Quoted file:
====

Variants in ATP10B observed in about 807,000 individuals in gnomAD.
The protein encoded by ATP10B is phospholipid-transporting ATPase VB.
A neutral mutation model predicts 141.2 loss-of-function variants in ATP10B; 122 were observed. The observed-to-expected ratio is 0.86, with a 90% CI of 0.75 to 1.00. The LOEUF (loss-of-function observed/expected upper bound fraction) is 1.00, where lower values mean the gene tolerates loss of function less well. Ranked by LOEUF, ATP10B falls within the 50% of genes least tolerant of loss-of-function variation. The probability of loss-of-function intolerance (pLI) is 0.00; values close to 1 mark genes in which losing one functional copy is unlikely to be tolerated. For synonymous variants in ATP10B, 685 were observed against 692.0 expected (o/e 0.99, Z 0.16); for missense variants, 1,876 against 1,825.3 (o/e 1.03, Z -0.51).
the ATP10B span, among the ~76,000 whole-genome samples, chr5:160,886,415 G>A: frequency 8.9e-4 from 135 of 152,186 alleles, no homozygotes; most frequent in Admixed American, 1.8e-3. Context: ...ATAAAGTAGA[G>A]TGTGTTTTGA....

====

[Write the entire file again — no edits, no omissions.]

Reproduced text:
Variants in ATP10B observed in about 807,000 individuals in gnomAD.
The protein encoded by ATP10B is phospholipid-transporting ATPase VB.
A neutral mutation model predicts 141.2 loss-of-function variants in ATP10B; 122 were observed. The observed-to-expected ratio is 0.86, with a 90% CI of 0.75 to 1.00. The LOEUF (loss-of-function observed/expected upper bound fraction) is 1.00, where lower values mean the gene tolerates loss of function less well. Ranked by LOEUF, ATP10B falls within the 50% of genes least tolerant of loss-of-function variation. The probability of loss-of-function intolerance (pLI) is 0.00; values close to 1 mark genes in which losing one functional copy is unlikely to be tolerated. For synonymous variants in ATP10B, 685 were observed against 692.0 expected (o/e 0.99, Z 0.16); for missense variants, 1,876 against 1,825.3 (o/e 1.03, Z -0.51).
the ATP10B span, among the ~76,000 whole-genome samples, chr5:160,886,415 G>A: frequency 8.9e-4 from 135 of 152,186 alleles, no homozygotes; most frequent in Admixed American, 1.8e-3. Context: ...ATAAAGTAGA[G>A]TGTGTTTTGA....